At Takeda, we consider how to enable a diverse workforce with equitable representation at all levels. We consider how we can best equip leaders with trust-building skills and behaviors that drive an inclusive workplace culture for all our people.  

For your organization, this could include:

  • Leveraging data to inform how you’re hiring, developing and retaining underrepresented talent.
  • Offering anti-bias and cultural humility training to advance inclusive leadership and help retain skilled diverse workers.
  • Fostering ongoing dialogue with employee resource groups to listen and understand how you’re doing to cultivate an inclusive workplace culture that empowers your employees.
  • Aligning on DE&I priorities, plans and success criteria with leadership.

Creating internal DE&I opportunities for ongoing communication, transparency and collaboration set the stage for employees to consider how best to help patients achieve better health and a brighter future.

3. Facilitating Trust: Identify Diverse Patient Needs with Community-First Lens

  • Embrace engaging with trusted community-serving organizations that understand the barriers to equitable care for their underserved patients.
  • Ground your desire to facilitate trust in relationships by listening and communicating. Identify like-minded partners who understand the challenges to equitable care for diverse patients in their communities and explore possibilities of building trusted relationships based on shared values and priorities.
  • As you forge connections, confirm planned actions with community stakeholders by co-developing culturally resonant resources to help patients and address barriers to equitable care.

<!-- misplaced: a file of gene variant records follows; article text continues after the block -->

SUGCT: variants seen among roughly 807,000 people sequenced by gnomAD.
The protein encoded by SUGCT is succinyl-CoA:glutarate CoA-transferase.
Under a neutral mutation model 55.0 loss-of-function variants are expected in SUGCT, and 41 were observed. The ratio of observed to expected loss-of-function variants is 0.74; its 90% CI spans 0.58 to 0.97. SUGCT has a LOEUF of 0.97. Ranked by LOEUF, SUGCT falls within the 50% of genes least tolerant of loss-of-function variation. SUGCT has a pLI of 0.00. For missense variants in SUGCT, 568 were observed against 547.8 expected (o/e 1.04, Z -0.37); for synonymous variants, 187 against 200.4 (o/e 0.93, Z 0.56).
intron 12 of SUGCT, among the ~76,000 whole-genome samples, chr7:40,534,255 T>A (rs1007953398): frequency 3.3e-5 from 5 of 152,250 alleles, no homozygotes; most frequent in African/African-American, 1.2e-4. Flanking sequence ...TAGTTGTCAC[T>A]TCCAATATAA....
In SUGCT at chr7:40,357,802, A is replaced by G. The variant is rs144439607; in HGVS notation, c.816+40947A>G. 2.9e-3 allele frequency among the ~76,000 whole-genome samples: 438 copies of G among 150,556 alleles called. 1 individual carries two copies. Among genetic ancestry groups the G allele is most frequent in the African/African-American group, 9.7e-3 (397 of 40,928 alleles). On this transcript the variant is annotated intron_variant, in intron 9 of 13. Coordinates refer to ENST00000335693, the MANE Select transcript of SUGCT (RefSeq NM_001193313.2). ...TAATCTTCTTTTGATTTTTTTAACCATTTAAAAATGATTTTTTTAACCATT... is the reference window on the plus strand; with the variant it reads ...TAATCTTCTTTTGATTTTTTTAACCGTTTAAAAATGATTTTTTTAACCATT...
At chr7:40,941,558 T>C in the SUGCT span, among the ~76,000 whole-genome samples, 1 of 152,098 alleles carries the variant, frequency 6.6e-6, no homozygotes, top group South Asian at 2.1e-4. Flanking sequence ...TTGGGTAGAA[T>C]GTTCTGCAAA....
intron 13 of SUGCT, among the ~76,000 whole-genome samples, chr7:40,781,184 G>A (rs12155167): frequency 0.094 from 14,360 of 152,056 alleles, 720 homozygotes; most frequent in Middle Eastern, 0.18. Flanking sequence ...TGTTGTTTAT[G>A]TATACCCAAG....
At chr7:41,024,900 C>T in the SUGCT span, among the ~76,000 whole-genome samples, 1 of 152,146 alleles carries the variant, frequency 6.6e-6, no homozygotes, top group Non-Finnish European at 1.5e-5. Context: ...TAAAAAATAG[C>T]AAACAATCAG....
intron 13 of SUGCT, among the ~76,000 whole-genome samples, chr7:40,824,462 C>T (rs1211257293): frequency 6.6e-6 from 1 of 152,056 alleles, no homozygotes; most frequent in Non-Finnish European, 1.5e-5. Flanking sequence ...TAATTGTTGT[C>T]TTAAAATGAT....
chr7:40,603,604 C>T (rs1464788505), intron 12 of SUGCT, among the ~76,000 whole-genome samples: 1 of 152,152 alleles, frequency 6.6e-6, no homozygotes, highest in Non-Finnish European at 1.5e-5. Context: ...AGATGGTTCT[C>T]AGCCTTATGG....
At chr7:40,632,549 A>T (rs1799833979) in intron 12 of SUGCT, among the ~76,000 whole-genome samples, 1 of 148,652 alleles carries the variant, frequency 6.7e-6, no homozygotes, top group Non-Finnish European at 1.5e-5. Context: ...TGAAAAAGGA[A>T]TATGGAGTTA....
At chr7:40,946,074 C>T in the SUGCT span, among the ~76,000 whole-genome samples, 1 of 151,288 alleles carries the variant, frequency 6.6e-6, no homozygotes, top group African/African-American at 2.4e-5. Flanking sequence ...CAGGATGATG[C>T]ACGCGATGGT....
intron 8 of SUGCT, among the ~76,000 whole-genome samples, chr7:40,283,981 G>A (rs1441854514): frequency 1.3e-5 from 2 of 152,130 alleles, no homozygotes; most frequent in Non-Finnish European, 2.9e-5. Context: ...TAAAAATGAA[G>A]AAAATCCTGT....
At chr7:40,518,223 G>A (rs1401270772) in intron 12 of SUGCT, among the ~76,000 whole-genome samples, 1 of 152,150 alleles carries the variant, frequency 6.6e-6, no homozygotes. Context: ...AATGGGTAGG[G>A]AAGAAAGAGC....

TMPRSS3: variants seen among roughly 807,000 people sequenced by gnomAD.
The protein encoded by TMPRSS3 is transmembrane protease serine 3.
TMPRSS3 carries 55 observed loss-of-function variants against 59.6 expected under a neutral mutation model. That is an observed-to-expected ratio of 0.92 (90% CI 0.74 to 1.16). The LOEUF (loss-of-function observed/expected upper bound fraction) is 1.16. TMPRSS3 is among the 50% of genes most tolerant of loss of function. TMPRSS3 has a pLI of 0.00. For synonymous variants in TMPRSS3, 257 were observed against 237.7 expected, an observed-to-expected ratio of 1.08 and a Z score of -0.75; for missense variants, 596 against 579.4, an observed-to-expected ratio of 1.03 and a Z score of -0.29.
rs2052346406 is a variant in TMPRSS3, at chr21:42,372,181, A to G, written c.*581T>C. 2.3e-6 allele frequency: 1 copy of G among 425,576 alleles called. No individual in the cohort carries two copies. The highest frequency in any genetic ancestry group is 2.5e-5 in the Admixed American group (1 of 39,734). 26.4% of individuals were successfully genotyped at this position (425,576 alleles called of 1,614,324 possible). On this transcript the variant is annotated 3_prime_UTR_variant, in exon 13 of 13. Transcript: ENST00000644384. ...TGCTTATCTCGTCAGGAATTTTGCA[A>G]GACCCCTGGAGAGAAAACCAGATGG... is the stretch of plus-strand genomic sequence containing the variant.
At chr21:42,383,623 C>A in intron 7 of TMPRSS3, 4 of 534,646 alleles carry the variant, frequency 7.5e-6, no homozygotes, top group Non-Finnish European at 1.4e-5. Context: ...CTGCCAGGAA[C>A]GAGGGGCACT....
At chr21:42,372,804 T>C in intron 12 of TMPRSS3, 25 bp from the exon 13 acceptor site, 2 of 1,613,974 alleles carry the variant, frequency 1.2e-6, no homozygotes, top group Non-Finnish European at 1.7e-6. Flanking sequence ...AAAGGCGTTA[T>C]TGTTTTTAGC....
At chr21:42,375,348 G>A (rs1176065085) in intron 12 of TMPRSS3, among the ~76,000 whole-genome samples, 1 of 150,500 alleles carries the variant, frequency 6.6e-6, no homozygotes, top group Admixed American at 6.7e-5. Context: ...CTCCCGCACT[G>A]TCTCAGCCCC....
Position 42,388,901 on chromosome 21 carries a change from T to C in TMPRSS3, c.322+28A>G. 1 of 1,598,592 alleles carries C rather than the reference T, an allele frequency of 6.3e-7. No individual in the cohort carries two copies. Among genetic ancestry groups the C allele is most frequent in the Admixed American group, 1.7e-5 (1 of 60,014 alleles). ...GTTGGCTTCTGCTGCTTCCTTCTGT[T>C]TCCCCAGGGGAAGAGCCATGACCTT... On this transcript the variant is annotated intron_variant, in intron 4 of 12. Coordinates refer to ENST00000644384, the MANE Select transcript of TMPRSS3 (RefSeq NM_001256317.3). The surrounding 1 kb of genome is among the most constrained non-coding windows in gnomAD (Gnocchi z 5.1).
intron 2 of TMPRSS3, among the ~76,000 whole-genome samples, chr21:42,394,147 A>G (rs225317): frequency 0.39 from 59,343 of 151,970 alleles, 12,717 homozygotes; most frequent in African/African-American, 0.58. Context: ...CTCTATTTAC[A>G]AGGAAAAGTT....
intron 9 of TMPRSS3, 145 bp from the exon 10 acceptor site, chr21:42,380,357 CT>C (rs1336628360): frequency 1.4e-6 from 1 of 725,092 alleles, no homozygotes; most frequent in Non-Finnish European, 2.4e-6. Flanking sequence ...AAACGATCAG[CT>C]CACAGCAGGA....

• Adopt an approach rooted in cultural humility—it’s vital to authentically connect with communities. By fostering awareness, providing education, ensuring language access, respecting cultural beliefs, and collaborating with community leaders, you can help ensure patients from all backgrounds feel heard, understood, and respected.


Building trust is a worthwhile journey that can take time, effort and ongoing sustained commitment, but the prospect of building trust towards a better and more inclusive future for patients is what inspires me.

About the Author

Head of Diversity, Equity, and Inclusion | Takeda

[Have a tip to help build trust in healthcare? Find me on LinkedIn]

Crysta Dungee is a diversity, equity, and inclusion (DEI) thought-leader who has over a decade of experience in transforming organizational culture and advancing underrepresented leaders. She approaches DEI from a people-first lens with the belief that all leaders can develop the personal awareness and key competencies to lead inclusively. She currently is the Head of Diversity, Equity, and Inclusion at Takeda.


  1. Robert J. Blendon, John M. Benson; Trust in Medicine, the Health System & Public Health. Daedalus 2022; 151 (4): 67–82. doi:
  2. Leslie Read, Leslie Korenda, Heather Nelson . Rebuilding trust in health care. Accessed July 7, 2023:
  3. Carole A. Robinson, “Trust, health care relationships, and chronic illness: A theoretical coalescence ,” Global Qualitative Nursing Research 3 (2016); Johanna Birkhäuer et al.,
  4. Trust in the health care professional and health outcome: A meta-analysis ,” PLoS ONE 12 (2017), no. 2.
  5.  Hall M. A. (2006). Researching medical trust in the United States. Journal of Health Organization and Management, 20, 456–467. doi: 10.1108/14777260610701812.